Crude oil and natural gas prices are back from the abyss, but does that mean the long awaited recovery is underway? Maybe so. But maybe not. Energy markets are fickle, driven by a chain of interactions where one market event triggers another, and then another. Rusty Braziel’s best-selling book, The Domino Effect, explores 30 such market events, which are represented by dominoes – hence the title of the book. More dominoes are falling now and still more will fall in years to come. This book explains the interconnectedness of energy markets through an analysis of energy market fundamentals: prices, flows, infrastructure, value, and economics. And good news for fans of audio books: The Domino Effect is now available on Amazon in Audible format. Today’s blog, an advertorial for the audio book, highlights what The Domino Effect has to say about what’s going on now.
The oil price collapse has opened a wide rift between high quality “good” assets, breakeven “bad” assets, and ruinous “ugly” assets. The consequences will impact energy markets for decades to come. In our recently published Drill Down Report, we demonstrate the differences between good, bad and ugly wells by examining the diversity of production economics across the Eagle Ford basin and why producers have been zeroing in on the counties——and areas within those counties—where initial production (IP) rates are highest, and preferably where large volumes of associated natural gas and natural gas liquids can be found as well. Today we consider Eagle Ford counties in more depth—their IPs, their internal rates of return (IRRs), and the number of new-well permit applications in each county in the first quarter of 2016.
On Monday, September 3, 2007, dignitaries and thousands of Panamanian citizens watched a huge explosion level a hill near Paraiso, a village north of Panama City. That day launched work on a project that would eventually cost more than $6 billion (U.S.) to double the capacity of the Panama Canal and allow for the passage of longer and wider ships. Nearly nine years later on June 26, 2016, the expansion is finally scheduled to be open for business. The new canal capacity will be a major event in global energy markets, especially for growing volumes of U.S. natural gas, liquified petroleum gas (LPG) and petroleum product exports. In honor of this historic development, RBN will take you there! Rusty will be traversing the canal this Thursday, April 14th and will have the skinny on what is happening in Panama right now, with pictures to show for it. In today’s blog we set the stage for our voyage across the Panamanian Isthmus.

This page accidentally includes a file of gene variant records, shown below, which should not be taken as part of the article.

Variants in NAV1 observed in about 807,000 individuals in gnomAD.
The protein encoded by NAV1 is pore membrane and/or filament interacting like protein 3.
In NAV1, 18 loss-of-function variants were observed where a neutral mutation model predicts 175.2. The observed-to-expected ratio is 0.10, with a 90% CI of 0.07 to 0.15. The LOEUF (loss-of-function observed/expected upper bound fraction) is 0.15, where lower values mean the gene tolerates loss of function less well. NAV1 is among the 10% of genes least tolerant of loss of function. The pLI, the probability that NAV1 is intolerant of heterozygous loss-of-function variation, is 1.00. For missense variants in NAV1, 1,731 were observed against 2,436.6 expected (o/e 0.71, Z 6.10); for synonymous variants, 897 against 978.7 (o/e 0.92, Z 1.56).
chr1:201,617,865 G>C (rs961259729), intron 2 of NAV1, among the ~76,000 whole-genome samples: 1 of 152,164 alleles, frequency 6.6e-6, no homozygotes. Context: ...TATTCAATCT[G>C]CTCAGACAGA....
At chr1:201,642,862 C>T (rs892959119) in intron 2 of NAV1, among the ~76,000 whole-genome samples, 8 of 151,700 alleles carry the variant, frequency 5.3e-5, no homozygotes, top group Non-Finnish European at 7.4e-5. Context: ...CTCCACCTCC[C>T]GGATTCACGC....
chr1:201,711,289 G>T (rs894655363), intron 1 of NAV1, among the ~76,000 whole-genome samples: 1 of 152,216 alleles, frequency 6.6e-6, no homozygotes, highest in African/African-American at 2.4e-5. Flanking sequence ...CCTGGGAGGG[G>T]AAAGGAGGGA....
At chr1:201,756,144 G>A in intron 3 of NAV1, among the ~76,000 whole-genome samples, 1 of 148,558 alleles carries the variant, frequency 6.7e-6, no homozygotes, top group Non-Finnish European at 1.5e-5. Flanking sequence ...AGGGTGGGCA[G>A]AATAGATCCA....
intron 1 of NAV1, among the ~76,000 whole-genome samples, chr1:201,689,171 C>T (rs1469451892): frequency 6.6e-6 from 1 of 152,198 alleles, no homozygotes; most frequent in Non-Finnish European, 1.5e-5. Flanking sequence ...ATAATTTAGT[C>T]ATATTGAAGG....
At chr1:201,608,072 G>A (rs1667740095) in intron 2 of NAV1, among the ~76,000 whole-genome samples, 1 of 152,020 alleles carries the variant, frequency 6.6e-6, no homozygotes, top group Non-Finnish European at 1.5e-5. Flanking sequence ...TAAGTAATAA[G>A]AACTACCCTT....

A combination of pipelines and ships delivers some 4 MMb/d of transportation and heating fuels to the U.S. East Coast, most of it from Gulf Coast refineries. But there’s always room for improvement in refined products delivery infrastructure, whether it’s pipeline or port capacity expansions, new pipeline spurs, or new storage capability. The aim of these projects is almost always the same: to make distribution more efficient and to hold down the per-barrel cost of delivery. Today, we conclude our series with a look at possible infrastructure improvements and a note about the challenges these projects face.
Most of the gasoline, diesel, heating oil and jet fuel consumed in the U.S. East Coast region is piped in via long-distance pipelines from Gulf Coast refineries, but substantial amounts are moved in by ship—either from the Gulf Coast by Jones Act vessels or from overseas. These shipped-in volumes then need to make their way from port to consumer. Today we continue our examination of how transportation fuels and heating oil are delivered to East Coast users with a look at the ports and connecting pipelines that help move these critically important fuels.
The East Coast consumes more than 200 million gallons of gasoline, diesel, heating oil and jet fuel a day, but produces only one-fifth of that total, most of it at New Jersey and Pennsylvania refineries. To keep the region’s cars, trucks, trains and airplanes moving (and many of its homes and businesses heated) huge volumes of fuels need to be delivered from elsewhere, mostly via two pipelines from the Gulf Coast and the rest by ship—some from Gulf and other U.S. ports and some from overseas. Today, we continue our examination of the infrastructure that moves gasoline, diesel, heating oil and jet fuel to the nation’s largest fuel-consuming region with a look at four major pipelines.